Impact of Maryland v. King Ruling on Arizona: What it gives and what it takes.
Privacy rights were outweighed by law enforcement interests in the United States Supreme Court’s June 3rd ruling in Maryland v. King. In this case, the Court was divided 5-4 over the question of DNA sample collection. All states and the federal government require convicted felons to submit DNA samples to law enforcement. But this was the first case to look at whether even those who are merely arrested (and assumed innocent until proven guilty) can be required to submit their DNA to law enforcement.
The Supreme Court ruled that states may–without a warrant– routinely collect DNA samples from people arrested for a “serious crime.” This was a highly anticipated ruling because it is the Court’s first on the privacy of genetic information. The ruling focused on Maryland’s law, which requires DNA sampling of those arrested for serious crimes, supposedly for the purpose of identifying them. However, the case’s language was so broad that it opened the floodgates for all states to permit DNA sampling of people arrested, even if they are arrested only on a minor charge.
The case arose from a criminal defendant’s appeal after he was convicted for a felony only because the Maryland police were able to match his DNA in a federal database. After the defendant was arrested for assault, the police swabbed the defendant’s cheek to get a DNA sample and they submitted the sample to a federal DNA database. The swab was not necessary to prove the assault.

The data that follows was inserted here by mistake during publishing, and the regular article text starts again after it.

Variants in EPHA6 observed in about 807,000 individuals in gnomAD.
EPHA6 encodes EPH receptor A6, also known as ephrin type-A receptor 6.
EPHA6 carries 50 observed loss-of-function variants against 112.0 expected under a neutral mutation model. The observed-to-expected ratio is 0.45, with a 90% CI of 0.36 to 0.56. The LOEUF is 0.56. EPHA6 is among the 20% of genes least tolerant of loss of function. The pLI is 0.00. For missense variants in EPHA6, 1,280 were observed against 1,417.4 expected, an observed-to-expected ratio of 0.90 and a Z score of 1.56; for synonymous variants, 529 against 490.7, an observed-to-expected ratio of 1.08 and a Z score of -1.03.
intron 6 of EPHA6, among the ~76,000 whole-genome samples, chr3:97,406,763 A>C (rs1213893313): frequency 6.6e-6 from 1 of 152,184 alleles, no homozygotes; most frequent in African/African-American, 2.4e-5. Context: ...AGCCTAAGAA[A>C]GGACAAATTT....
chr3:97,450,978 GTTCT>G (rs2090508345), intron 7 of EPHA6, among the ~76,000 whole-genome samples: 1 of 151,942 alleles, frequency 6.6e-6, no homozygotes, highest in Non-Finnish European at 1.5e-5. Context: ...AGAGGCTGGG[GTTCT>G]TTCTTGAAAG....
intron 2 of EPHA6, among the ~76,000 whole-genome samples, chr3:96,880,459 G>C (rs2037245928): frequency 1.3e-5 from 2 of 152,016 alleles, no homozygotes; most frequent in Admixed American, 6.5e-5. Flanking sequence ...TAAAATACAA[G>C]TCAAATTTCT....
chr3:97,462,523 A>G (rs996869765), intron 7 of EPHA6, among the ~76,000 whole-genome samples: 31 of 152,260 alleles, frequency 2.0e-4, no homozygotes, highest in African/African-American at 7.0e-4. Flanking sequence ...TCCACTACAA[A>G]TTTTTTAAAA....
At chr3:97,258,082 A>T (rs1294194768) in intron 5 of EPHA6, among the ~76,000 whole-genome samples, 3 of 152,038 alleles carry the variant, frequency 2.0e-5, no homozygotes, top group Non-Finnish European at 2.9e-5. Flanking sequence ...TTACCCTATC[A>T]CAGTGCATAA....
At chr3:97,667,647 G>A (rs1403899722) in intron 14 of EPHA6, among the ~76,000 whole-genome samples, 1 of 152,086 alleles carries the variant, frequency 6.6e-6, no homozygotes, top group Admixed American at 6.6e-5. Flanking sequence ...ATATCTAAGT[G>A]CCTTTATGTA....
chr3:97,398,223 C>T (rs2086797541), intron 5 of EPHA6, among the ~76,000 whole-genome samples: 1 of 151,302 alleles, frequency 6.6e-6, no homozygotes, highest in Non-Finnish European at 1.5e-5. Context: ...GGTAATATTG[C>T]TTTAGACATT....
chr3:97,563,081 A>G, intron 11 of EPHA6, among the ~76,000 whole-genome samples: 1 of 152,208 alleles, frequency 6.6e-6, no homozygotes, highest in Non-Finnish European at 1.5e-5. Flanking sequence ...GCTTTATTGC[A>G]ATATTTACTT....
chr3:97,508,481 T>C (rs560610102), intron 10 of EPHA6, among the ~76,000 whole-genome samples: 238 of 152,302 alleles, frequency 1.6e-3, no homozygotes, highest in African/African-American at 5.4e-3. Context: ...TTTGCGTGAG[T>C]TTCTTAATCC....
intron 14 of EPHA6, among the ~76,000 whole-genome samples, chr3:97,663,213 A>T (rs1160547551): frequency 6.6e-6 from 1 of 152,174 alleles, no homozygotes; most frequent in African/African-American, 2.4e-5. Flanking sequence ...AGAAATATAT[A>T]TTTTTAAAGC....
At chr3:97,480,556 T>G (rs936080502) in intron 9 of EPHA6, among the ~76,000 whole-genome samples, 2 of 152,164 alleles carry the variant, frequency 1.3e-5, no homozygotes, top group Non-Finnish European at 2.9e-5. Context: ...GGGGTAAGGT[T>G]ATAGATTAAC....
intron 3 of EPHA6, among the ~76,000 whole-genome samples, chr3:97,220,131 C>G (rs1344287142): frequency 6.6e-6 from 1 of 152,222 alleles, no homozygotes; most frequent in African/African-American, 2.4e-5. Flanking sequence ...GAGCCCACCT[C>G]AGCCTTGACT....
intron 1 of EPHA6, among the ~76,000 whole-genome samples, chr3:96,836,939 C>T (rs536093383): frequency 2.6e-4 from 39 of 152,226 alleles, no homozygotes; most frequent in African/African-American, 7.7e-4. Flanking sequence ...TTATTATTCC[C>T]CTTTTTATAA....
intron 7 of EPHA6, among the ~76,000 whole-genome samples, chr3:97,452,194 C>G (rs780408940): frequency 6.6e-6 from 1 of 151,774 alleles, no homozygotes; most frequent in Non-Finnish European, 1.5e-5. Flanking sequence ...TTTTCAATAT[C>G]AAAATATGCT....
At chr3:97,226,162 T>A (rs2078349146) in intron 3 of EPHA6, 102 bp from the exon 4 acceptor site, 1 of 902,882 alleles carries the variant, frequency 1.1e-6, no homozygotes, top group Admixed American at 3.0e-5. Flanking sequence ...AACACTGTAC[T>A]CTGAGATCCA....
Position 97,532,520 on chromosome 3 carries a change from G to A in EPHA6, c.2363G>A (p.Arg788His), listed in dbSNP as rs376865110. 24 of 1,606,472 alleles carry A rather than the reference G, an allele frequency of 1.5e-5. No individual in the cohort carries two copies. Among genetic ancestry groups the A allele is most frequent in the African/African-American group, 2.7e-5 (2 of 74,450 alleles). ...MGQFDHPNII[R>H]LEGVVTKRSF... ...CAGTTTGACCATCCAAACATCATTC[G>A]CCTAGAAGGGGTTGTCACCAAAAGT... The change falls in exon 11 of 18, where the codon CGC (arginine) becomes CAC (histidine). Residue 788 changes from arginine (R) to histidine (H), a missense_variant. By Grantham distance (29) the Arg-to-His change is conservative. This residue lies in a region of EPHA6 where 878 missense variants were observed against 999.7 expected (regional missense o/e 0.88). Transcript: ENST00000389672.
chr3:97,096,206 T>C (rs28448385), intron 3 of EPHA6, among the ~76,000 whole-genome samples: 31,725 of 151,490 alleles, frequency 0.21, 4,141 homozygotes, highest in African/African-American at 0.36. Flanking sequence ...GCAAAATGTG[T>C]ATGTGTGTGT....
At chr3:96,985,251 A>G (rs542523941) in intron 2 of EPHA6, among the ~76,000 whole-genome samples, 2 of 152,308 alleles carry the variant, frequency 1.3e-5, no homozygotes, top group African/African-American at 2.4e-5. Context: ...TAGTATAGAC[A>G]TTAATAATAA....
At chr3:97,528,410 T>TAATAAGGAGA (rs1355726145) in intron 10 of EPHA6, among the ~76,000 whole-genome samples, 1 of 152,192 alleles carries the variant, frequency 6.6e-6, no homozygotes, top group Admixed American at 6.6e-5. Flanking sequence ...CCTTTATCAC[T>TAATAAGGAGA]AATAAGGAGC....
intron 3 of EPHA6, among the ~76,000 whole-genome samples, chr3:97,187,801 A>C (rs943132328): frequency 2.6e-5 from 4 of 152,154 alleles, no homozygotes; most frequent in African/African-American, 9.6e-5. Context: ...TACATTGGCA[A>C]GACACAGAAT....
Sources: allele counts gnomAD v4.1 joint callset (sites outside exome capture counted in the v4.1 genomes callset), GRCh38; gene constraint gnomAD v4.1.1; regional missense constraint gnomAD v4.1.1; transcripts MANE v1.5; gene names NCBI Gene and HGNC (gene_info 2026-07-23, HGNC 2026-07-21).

The federal database to which the sample was submitted matched the defendant’s DNA to DNA collected from a crime scene six years earlier. Because of the routine cheek swab, the defendant was convicted of the earlier serious crime.
The Maryland Court of Appeals threw out the defendant’s conviction on the grounds that a cheek swab violated Fourth Amendment rights against illegal search and seizure. Usually the State must obtain a warrant if it wants to conduct any kind of invasive physical testing. The State appealed the appellate ruling.
The Supreme Court’s majority opinion, written by Justice Kennedy, compared DNA sampling of the arrested to fingerprinting which is legal. The Court overturned the Court of Appeals. Justice Kennedy wrote that states could collect DNA from people arrested for “serious offenses.”
The majority opinion reasoned that Maryland’s law supported the well-established and legitimate governmental interest of identifying people in custody as opposed to solving crimes. The majority also reasoned that a cheek swab is minimally intrusive from a physical perspective.
Justice Scalia, joined by three liberal justices, wrote the dissent. He warned, “As an entirely predictable consequence of today’s decision, your DNA can be taken and entered into a national DNA database if you are ever arrested, rightly or wrongly, and for whatever reason.”
This ruling impacts all people in states that authorize DNA testing, including Arizona. At present, Arizona’s law enforcement is able to collect DNA from anyone imprisoned for a felony offense, including those on probation. However, Arizona has also passed legislation to allow for the collection of DNA from those who are merely arrested, not convicted, of a serious crime.
This group includes those who are arrested for certain sexual offenses, burglary, prostitution, and other serious, violent or aggravated offenses. Although this group represents a relatively narrow number of criminal defendants now, as Justice Scalia pointed out the Supreme Court’s ruling is broad enough that states could widen the net of people who are required to submit to DNA sampling. As Justice Scalia suggests, in the future, DNA sampling may be part of police booking procedure even in traffic cases.
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